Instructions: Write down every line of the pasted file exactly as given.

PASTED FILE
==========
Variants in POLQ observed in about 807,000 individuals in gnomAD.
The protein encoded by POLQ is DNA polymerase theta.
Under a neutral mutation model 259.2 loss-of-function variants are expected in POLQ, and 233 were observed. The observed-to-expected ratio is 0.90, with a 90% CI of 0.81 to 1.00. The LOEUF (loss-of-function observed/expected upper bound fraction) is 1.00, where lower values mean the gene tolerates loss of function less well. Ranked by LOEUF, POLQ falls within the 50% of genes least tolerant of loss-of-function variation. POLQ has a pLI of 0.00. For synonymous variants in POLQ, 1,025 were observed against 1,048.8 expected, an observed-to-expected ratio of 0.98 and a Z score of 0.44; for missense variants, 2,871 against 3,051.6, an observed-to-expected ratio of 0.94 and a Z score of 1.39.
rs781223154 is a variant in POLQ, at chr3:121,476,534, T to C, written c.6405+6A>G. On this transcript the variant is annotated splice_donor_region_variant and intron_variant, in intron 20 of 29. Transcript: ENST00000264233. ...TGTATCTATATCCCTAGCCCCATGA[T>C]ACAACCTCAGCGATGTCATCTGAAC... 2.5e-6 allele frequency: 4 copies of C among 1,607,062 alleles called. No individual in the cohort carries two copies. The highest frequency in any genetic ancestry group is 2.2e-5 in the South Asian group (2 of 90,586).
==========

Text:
Variants in POLQ observed in about 807,000 individuals in gnomAD.
The protein encoded by POLQ is DNA polymerase theta.
Under a neutral mutation model 259.2 loss-of-function variants are expected in POLQ, and 233 were observed. The observed-to-expected ratio is 0.90, with a 90% CI of 0.81 to 1.00. The LOEUF (loss-of-function observed/expected upper bound fraction) is 1.00, where lower values mean the gene tolerates loss of function less well. Ranked by LOEUF, POLQ falls within the 50% of genes least tolerant of loss-of-function variation. POLQ has a pLI of 0.00. For synonymous variants in POLQ, 1,025 were observed against 1,048.8 expected, an observed-to-expected ratio of 0.98 and a Z score of 0.44; for missense variants, 2,871 against 3,051.6, an observed-to-expected ratio of 0.94 and a Z score of 1.39.
rs781223154 is a variant in POLQ, at chr3:121,476,534, T to C, written c.6405+6A>G. On this transcript the variant is annotated splice_donor_region_variant and intron_variant, in intron 20 of 29. Transcript: ENST00000264233. ...TGTATCTATATCCCTAGCCCCATGA[T>C]ACAACCTCAGCGATGTCATCTGAAC... 2.5e-6 allele frequency: 4 copies of C among 1,607,062 alleles called. No individual in the cohort carries two copies. The highest frequency in any genetic ancestry group is 2.2e-5 in the South Asian group (2 of 90,586).